Lust And Violence
Review by Felix on June 1, 2019.
Does the gagged girl on the cover love bondage? Does her crude outfit appeal to the lowest instincts of the listeners? And is Lust and Violence an album which is worth to discover? Let's try to clarify these very important questions.
First of all, nobody needs a university degree to understand the fourth full-length of Power from Hell. The simple designs of the songs are easily comprehensible. The material spreads dark vibrations while relying on conventional patterns. Motörhead meets Venom in a misty valley where everything sounds dull. In other words, the grounded sound does not present subtle nuances and, you guessed it, the music does not ask for this feature. The muffled mix seems to be aligned with the barely audible screams of the gagged lady. Given this situation, one can love or hate the sound of this album, but there is not much in between. The same goes for bondage games, I assume, so choose your side or ask your girlfriend which side she wants you to choose - just keep an eye on the gag. It has to be in your hand or in her mouth. (Forgive me this macho-like side note.)
The lyrics also mirror the slightly sick fantasies of Sodomic, who was almost responsible for the entire recording of the album. "I will f**k p**sy and feel free" and further elegant lines should not be taken seriously. They are just stupid or adolescent at best. But as a non-native speaker, it is no big problem for me to ignore the lyrical nonsense. This makes it easy to focus on the music which is more much interesting, even though Power from Hell do not use many riffs per song. Nevertheless, intelligently titled pieces like "Headbanger... the Ripper" strike with clear contours, a good drive and a nearly catchy chorus without losing their underground aroma. Frankly speaking, I could use exactly the same description for "The True Metal" and some more numbers. On the one hand, this is pretty predictable and almost formulaic, on the other hand it gets obvious that Sodomic has found his way. He acts authentically, and it seems as if the songs come from his heart (hopefully I am allowed to use such a more or less romantic term in this f**k-all-p**sies-review).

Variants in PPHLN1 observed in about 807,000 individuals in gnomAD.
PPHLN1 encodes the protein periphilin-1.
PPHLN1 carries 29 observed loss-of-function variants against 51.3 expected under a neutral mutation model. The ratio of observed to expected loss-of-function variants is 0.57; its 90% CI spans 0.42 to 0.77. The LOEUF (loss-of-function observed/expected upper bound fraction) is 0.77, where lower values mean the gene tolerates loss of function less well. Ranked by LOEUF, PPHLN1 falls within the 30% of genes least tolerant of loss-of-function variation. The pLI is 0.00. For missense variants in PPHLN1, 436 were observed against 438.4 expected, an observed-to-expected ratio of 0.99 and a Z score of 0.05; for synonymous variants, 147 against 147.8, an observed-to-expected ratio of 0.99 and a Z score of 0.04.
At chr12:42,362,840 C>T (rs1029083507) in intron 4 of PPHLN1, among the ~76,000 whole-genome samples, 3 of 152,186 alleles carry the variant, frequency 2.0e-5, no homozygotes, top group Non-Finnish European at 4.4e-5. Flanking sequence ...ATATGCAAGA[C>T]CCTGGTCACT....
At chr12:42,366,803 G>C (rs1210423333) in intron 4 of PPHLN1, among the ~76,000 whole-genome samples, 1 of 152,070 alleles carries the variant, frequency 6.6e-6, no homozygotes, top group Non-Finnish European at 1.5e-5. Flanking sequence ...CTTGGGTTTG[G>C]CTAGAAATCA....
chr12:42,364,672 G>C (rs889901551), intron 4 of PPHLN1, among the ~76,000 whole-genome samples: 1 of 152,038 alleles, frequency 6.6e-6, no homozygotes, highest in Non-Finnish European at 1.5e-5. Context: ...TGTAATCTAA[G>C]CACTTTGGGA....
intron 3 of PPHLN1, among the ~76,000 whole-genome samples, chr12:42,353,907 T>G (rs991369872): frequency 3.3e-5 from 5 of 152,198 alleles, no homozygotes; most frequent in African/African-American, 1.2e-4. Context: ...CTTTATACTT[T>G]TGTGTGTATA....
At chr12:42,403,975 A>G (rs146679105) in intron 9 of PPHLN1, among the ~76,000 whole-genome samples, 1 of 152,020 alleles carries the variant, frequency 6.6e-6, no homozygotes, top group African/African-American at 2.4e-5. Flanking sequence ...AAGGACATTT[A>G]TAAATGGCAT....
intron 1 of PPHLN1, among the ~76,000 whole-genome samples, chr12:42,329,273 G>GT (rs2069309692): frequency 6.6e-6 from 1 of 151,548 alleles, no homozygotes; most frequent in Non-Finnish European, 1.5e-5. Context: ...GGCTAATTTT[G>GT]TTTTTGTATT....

The unusual closer wants to be the darkest blues song in the history of sunny Brazil - but with the exception of this piece, the listener is well advised to expect no surprises. The pretty sinister opener "Black Angel" sets the course and the further tracks follow its direction more or less strictly. Some song titles border on parody or even go one step further ("The Metal Is Sick but Never Die"). I admit that I was not aware of this finding so far. But I know that the target group of albums such as the here presented is pretty small, because friends of innovation, complexity, individuality or neatness will avoid this kind of music at any cost. But supporters of filthy black thrash with classic rock influences won't reject Lust and Violence and this is the main thing. So here are my answers to the questions at the beginning: In spite of my intensive research, I don't know whether the girl on the cover loves her treatment, but the artwork and the lyrics prove evidence that Sodomic likes to play with our animal instincts. Be that as it may, I recommend the output to every fan of the sub-genre. Don't expect an underrated jewel, but a good album.
Rating: 7.2 out of 10